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Last night, I made Wesco International (WCC) my #11 Pick for my Special Report: 12 Bargain Stock Picks NOW on my subscription site.

Today I’m adding Wesco International to my Jubak Picks Portfolio.

As the market continues to climb to new records, it’s getting harder and harder to find bargain stocks. But they’re out there. Morningstar calculates that Wesco International is 50% undervalued for a fair value price of $112. I get a slightly lower target price of $95 but that would still represent a 70% gain or so, if the stock achieved that level.

Some answers to some minor questions about Wesco International.

Like what is it that this company does?

Like many companies that play key roles in the supply chain, it’s not easy to pin down exactly what Wesco does.

Wesco is a distributor to companies in the industrial, construction, utility, commercial, institutional, and government market enabling its 70,000 customers to order from an inventory from 30,000 suppliers. As a distributor it provides a one-stop global source–itself an advantage given Wesco’s scale–but it also offers value-added services such as vendor inventory management, efficiency assessments, product repairs, and training. The proposition is that you can get it–whatever it is–from Wesco, save money (because of Wesco’s efficiencies of scale), streamline your procurement process, and get delivery (plus whatever added services you need) anywhere in the world.

Wesco’s roots go back to 1994 when Westinghouse Electrical sold its electrical distribution business to a private equity firm that took Wesco public in 1999. On January 13 2020 Wesco finalized its merger deal with Anixter, a competitor in the distribution business, to create a company with pro forma revenue of about $17 billion. (The merger is expected to close in the second or third quarter of 2020.) Which would make Wesco the biggest company by revenue in the distribution sector. (Former No. 1 W.W. Grainger has $11.5 billion in revenue.) The merger will initially require $140 million in one-time spending to unlock annual synergies of $200 million. Morningstar estimates that the combined company will have pro forma earnings that could exceed $9 a share excluding one-time costs. At $112 a share the stock would trade at 12 times pro forma earnings per share. My target price of $95 a share allows for some slippage in both spending to integrate the two companies and in eventual synergies.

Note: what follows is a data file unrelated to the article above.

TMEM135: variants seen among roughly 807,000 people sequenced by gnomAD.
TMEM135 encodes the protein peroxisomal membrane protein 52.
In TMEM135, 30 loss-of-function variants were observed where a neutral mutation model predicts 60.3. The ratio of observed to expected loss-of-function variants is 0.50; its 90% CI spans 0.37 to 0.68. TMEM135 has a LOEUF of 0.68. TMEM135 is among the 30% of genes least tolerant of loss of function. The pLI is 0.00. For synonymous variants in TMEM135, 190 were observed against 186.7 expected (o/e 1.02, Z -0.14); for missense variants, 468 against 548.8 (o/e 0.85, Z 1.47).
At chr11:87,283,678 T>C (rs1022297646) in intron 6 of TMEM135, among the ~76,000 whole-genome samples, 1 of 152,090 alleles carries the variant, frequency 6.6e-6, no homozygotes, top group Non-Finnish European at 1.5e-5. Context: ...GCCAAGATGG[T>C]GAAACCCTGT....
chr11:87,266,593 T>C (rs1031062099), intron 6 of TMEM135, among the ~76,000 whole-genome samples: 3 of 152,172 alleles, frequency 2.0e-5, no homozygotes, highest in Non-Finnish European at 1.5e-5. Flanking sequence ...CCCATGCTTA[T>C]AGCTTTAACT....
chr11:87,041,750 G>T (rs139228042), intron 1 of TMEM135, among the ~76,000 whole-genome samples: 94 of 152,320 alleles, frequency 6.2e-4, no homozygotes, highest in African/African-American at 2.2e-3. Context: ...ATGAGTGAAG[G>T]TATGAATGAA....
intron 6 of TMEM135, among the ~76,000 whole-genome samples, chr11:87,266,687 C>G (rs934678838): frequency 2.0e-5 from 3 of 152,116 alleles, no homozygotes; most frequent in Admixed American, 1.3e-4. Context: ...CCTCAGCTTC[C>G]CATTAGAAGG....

Wesco has more than just the merger with Anixter going for it. The trend in supply management is to consolidate orders with fewer and fewer distributors who can deliver on a global scale and provide the value-added technical services necessary to wring efficiencies out of a customer’s supply chain. And that can use efficiencies of scale to deliver lower prices to customers.

In other words, the big–like Wesco–are on trend to get bigger.